Dear Research Advocate:
Congress continues to pay particular attention to – and make decisions bearing on – the pace of medical progress. To briefly count the ways:
The Senate Labor-HHS Appropriations subcommittee heard testimony yesterday from agency heads within HHS about the significance of health-related spending, including spending on medical and health research. Read our written testimony here.
Congressman Upton (R-MI-06), the Chair of the House Energy and Commerce Committee (which has jurisdiction over authorizing legislation for NIH, CDC, FDA and AHRQ) and Congresswoman Diana DeGette (D-CO-01), a member of the Committee, launched their 21st Century Cures initiative with a roundtable discussion focused on identifying what actions are necessary to maintain our nation’s place as the world’s innovation leader. While Reps. Upton and DeGette are champions of research who should be commended for working to strengthen U.S. medical innovation, there is always the risk that Congress will veer into micromanagement of NIH, stymie FDA’s efforts to ensure that private sector innovators are rewarded for ensuring the safety and efficacy of their medical advances, or “hold off” on providing the funding needed to accelerate medial progress until longer-term strategies are in place. Your participation can help make this effort a success, and the initiative has established an email address you can use if you wish to give input: email@example.com.
So that’s the good.
The House released its 302(B) allocations, the overall funding available to each appropriations subcommittee. The Labor-H Subcommittee, which funds NIH, CDC, and AHRQ, received an alarmingly small allocation, a full $1 billion less than that of FY 2014. While a constrained allocation was anticipated because of continued opposition to funding for the Affordable Care Act, this appropriation level would render it virtually impossible to achieve real growth in funding for medical or health research. The word “virtually” is important. The Senate allocations are expected to be different than the House allocations, and there are strong champions of medical and health research in the House. Securing the funding for NIH, CDC, and AHRQ that is justified by their positive impact on America and Americans was never going to be easy. This just makes the task that much more challenging. But research advocates have never shied away from a challenge.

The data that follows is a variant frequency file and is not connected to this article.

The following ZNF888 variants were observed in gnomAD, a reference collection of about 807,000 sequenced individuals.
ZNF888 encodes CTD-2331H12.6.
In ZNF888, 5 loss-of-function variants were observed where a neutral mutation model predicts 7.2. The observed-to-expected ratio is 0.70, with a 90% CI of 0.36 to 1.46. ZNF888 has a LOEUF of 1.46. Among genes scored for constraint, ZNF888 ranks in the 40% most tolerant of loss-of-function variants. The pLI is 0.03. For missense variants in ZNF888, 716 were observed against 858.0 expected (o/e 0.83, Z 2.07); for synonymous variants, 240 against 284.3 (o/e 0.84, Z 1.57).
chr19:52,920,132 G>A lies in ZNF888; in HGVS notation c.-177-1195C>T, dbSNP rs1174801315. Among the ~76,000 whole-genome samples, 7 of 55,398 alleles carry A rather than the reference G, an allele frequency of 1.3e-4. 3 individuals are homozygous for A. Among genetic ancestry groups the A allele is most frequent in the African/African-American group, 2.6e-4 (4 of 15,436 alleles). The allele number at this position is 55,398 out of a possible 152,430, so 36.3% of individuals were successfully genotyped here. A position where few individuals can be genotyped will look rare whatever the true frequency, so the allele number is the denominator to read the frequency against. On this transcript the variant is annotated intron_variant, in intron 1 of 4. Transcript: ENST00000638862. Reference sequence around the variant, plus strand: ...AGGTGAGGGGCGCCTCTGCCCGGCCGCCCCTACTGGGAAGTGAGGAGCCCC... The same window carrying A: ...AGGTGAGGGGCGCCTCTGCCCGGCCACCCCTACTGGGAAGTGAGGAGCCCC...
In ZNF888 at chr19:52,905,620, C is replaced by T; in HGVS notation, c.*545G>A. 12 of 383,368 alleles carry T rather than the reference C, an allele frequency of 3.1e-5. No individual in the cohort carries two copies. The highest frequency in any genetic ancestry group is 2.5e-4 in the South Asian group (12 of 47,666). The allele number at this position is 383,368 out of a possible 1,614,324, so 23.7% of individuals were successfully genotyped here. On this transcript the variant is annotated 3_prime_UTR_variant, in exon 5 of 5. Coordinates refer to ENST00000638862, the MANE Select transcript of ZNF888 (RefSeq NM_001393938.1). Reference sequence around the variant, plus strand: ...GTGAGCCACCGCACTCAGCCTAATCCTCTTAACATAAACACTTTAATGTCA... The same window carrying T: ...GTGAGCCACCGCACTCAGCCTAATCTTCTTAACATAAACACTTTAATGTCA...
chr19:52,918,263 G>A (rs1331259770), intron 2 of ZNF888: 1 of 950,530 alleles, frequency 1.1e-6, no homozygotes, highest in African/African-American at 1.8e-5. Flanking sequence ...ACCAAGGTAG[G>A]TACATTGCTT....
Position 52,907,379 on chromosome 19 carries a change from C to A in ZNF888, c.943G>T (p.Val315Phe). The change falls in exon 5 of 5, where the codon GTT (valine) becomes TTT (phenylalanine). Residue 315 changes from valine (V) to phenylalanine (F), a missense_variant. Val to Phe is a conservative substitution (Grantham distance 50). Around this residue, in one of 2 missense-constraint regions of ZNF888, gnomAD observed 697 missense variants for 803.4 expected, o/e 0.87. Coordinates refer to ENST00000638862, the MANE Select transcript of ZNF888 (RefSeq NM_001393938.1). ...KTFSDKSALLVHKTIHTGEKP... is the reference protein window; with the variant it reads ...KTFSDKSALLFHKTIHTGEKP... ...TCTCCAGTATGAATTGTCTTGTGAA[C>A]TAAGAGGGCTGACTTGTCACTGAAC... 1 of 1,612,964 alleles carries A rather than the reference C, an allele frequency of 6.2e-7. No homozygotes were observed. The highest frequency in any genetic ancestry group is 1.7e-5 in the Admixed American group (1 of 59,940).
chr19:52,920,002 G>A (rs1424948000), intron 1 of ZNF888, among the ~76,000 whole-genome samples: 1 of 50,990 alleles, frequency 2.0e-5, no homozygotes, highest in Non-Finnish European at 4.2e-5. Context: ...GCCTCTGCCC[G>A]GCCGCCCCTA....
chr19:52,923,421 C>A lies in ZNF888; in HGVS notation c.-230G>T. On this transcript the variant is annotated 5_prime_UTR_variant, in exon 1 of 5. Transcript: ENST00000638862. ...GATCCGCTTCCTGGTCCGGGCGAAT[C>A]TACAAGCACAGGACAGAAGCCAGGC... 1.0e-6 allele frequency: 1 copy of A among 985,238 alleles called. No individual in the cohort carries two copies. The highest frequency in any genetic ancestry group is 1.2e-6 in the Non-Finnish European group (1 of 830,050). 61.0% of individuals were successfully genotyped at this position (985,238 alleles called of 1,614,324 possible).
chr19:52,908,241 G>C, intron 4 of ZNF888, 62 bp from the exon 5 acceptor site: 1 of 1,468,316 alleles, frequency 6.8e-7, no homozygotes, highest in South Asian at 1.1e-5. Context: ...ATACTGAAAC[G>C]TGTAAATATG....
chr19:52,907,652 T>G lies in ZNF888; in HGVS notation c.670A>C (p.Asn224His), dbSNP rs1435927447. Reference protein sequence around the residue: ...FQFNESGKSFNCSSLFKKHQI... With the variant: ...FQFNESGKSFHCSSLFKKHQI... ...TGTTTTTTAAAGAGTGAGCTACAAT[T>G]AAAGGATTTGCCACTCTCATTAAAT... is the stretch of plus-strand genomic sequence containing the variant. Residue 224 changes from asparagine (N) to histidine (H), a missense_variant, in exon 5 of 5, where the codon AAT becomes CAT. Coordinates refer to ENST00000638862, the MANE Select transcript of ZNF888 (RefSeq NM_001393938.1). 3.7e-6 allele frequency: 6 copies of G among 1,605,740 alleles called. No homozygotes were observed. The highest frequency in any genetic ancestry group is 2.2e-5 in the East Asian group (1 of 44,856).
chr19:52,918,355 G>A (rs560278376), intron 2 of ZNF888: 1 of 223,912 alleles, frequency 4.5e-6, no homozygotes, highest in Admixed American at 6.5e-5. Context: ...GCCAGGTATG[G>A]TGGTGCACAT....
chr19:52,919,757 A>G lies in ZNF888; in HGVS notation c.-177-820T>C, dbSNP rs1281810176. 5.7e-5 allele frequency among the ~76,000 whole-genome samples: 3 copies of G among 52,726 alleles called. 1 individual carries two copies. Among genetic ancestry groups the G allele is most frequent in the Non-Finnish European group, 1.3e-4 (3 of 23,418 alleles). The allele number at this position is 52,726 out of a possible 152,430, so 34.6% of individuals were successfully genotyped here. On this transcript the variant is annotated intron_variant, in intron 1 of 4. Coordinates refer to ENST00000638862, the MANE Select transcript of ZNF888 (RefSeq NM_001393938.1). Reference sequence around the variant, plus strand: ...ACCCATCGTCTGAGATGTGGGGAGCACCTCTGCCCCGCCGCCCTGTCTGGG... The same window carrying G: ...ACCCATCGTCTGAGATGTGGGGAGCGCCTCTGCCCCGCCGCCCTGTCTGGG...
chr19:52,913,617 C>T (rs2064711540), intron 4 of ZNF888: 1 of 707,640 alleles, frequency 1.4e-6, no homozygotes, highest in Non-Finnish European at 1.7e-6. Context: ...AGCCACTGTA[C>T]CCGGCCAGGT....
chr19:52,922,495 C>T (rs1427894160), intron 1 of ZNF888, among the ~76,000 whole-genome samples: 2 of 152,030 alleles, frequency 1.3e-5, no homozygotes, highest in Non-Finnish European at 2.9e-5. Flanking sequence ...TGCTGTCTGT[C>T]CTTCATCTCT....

So that’s the bad.
Here’s the ugly.
Legislation to make the Research and Development tax credit permanent has turned into a political punching bag. Why? Why didn’t the two parties come together, find a pay-for, and take action to spur private sector innovation? Patients need it, job-seekers need it, our economy needs it. When will the nation’s very future, which relies on innovation and more innovation, supercede short-term political goals? A perfect segue into our Ask Your Candidates! voter education initiative. Voters should know whether their candidates will fight for medical innovation or sideline it. Here’s a link to more info on Ask Your Candidates!, including our first on-the-ground event in Georgia tomorrow.
But back to the ugly: the rumor mill continues to churn about legislation that would prevent appropriators from “tapping” NIH funding. The tap mechanism, as we’ve described in previous letters, is a predetermined set-aside from certain HHS agencies that is used to fund other HHS agencies, including AHRQ, the National Center for Health Statistics and the Administration on Children and Families. Each of these agencies supports, conducts, or provides the data necessary for research that saves lives, including the lives of at-risk children. The tap does not “reduce” funding for NIH (or any other agency for that matter), since appropriators know in advance the amount of dollars that will be “tapped” and can simply adjust funding for NIH and the other “donor” agencies upward to account for it. That said, it would certainly be simpler to directly fund AHRQ and the other agencies and programs now financed through the tap.
What is so disturbing about the “anti-tap” movement is that the policymakers behind it apparently have no intention of providing any funding for AHRQ or the other agencies and programs now covered by the tap. In other words, bye bye life-saving research. Have Americans informed Congress that it’s not important to prevent deadly medical errors (which account for approximately 100,000 deaths per year), that it’s not important to ensure patients in rural areas aren’t subjected to yesterday’s medical treatments, that it’s not important to protect vulnerable children in the foster care system? Ask your representatives in Congress to champion health research rather than using back channels to simply “make it go away.” Tell them that saving lives and protecting kids is worth the money.
One more concern about the anti-tap movement: if policymakers in the House can claim that they “increased” NIH funding in FY 15 by eliminating the tap on it, do you think they will actually provide the much larger funding increase NIH needs?
Finally and on a more positive note, we’d like to thank our extraordinary members for joining a tweetathon encouraging Congress to take action now and increase medical and health research funding in FY 15. Your messages reached more than 200,000 people or organizations, particularly members of Congress. That’s advocacy in action, and it’s because of you.
This week’s letter was authored by Ellie Dehoney, Vice President of Policy and Advocacy at Research!America.